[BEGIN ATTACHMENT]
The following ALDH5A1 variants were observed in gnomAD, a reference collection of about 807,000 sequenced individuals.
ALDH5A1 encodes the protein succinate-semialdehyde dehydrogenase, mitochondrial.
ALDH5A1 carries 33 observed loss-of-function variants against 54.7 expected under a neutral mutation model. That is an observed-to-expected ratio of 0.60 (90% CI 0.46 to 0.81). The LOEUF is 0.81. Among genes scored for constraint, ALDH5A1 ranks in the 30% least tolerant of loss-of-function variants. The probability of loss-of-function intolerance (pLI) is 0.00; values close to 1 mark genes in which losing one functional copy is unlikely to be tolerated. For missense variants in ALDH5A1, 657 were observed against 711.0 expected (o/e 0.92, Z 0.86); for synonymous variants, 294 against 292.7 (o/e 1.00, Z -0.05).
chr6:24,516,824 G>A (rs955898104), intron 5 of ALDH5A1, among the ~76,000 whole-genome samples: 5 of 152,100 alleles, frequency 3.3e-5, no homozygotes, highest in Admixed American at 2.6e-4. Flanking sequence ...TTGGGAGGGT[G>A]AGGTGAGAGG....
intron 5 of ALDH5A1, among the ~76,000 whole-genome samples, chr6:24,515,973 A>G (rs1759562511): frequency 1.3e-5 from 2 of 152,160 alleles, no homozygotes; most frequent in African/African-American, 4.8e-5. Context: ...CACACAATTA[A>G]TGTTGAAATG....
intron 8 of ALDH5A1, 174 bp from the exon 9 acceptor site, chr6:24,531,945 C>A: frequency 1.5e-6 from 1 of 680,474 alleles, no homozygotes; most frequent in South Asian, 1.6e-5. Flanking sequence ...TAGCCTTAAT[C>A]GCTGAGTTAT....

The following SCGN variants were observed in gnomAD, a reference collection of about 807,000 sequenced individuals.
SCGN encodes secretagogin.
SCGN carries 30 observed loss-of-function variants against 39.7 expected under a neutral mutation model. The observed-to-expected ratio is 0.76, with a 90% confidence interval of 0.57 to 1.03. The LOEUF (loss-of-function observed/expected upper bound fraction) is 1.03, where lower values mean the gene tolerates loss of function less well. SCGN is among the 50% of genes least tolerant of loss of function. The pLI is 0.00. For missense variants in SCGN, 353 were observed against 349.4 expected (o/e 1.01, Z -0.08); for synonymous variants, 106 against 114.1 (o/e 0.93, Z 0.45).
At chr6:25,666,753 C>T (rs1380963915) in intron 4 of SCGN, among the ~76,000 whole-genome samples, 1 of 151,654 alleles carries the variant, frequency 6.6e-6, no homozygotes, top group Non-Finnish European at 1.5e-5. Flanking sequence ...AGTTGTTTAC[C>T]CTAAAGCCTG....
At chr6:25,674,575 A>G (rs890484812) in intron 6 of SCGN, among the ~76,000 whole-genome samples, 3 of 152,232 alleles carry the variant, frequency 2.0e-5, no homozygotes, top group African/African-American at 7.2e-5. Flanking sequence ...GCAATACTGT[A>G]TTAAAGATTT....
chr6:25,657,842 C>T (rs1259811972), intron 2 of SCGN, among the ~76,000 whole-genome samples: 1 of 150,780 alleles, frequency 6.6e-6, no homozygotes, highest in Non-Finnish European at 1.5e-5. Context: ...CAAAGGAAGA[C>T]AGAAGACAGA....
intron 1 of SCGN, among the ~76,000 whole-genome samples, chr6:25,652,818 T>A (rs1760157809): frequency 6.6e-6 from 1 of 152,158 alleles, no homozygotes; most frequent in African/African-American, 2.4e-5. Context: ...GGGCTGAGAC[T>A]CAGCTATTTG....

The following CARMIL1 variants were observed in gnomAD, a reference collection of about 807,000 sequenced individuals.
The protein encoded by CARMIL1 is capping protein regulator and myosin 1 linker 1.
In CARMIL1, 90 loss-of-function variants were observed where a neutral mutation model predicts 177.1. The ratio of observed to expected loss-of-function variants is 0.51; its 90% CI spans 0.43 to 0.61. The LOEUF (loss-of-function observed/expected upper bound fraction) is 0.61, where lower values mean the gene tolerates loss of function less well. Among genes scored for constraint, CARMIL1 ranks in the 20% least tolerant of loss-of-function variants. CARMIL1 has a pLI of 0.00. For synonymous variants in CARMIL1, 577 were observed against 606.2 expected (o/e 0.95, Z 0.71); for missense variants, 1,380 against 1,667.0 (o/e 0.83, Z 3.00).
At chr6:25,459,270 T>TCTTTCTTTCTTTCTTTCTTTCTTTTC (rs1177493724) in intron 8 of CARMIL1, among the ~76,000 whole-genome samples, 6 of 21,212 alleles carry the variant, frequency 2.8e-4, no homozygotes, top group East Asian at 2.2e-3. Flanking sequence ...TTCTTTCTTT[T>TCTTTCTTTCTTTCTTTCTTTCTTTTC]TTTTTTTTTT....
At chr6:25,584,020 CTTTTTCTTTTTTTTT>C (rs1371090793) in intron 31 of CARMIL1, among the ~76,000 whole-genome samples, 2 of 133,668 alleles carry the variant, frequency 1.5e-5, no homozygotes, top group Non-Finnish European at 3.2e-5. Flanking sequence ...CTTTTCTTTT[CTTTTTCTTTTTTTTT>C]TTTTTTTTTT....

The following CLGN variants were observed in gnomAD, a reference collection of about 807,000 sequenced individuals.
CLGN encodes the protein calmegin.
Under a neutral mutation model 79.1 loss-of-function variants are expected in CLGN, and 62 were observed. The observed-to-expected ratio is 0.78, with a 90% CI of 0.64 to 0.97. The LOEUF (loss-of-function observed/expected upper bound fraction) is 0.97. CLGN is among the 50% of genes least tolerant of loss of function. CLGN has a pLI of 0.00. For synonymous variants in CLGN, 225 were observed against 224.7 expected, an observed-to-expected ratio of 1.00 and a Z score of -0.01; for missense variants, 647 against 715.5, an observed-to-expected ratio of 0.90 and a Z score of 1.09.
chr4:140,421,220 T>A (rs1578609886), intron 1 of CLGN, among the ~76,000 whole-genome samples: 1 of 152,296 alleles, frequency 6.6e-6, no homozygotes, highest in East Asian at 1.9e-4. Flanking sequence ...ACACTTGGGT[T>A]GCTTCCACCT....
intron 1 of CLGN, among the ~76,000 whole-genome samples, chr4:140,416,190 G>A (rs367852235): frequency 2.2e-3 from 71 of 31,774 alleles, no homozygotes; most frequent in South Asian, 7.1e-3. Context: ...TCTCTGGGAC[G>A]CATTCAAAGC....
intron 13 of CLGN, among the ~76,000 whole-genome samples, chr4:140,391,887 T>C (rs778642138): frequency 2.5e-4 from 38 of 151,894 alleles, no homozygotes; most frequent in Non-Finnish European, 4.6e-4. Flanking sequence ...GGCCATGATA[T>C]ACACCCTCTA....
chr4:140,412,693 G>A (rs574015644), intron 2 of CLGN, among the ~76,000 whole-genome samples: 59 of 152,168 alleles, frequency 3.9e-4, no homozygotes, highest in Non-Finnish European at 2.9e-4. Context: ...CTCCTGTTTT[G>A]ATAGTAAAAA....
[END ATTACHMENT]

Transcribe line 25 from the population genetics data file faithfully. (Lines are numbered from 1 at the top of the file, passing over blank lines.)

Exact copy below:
chr4:140,412,693 G>A (rs574015644), intron 2 of CLGN, among the ~76,000 whole-genome samples: 59 of 152,168 alleles, frequency 3.9e-4, no homozygotes, highest in Non-Finnish European at 2.9e-4. Context: ...CTCCTGTTTT[G>A]ATAGTAAAAA....